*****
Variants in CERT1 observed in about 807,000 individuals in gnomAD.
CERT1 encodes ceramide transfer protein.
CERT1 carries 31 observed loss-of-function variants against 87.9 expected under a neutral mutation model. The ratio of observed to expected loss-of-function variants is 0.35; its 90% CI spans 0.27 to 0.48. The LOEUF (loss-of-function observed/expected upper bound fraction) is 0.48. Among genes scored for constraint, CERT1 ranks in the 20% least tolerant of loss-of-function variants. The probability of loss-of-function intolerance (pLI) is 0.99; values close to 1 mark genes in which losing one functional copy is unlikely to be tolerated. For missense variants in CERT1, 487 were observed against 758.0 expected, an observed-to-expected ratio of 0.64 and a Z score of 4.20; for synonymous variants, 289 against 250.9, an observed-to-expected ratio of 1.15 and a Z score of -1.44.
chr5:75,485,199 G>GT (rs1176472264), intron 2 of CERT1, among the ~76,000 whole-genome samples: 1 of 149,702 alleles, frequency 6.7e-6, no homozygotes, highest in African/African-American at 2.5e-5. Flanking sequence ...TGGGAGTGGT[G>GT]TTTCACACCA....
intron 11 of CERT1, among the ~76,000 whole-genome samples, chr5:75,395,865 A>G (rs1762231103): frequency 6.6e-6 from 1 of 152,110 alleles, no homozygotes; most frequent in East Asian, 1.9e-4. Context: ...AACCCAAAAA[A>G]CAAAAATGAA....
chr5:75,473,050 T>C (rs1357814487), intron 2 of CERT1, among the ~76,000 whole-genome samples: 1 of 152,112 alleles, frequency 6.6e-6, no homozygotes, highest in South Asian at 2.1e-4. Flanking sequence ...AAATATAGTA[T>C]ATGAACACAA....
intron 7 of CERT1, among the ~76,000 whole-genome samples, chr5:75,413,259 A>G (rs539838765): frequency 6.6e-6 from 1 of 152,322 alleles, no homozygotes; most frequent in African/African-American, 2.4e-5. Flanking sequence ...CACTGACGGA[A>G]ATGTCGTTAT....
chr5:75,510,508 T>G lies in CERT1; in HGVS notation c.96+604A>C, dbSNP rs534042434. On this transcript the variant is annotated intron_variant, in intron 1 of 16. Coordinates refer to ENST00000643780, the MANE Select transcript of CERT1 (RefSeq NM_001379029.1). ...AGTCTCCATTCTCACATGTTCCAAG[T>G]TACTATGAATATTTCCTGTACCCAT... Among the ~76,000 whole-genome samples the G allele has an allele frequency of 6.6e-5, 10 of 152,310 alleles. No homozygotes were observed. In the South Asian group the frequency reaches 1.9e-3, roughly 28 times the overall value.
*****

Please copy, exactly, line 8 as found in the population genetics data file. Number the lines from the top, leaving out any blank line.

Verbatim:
chr5:75,510,508 T>G lies in CERT1; in HGVS notation c.96+604A>C, dbSNP rs534042434. On this transcript the variant is annotated intron_variant, in intron 1 of 16. Coordinates refer to ENST00000643780, the MANE Select transcript of CERT1 (RefSeq NM_001379029.1). ...AGTCTCCATTCTCACATGTTCCAAG[T>G]TACTATGAATATTTCCTGTACCCAT... Among the ~76,000 whole-genome samples the G allele has an allele frequency of 6.6e-5, 10 of 152,310 alleles. No homozygotes were observed. In the South Asian group the frequency reaches 1.9e-3, roughly 28 times the overall value.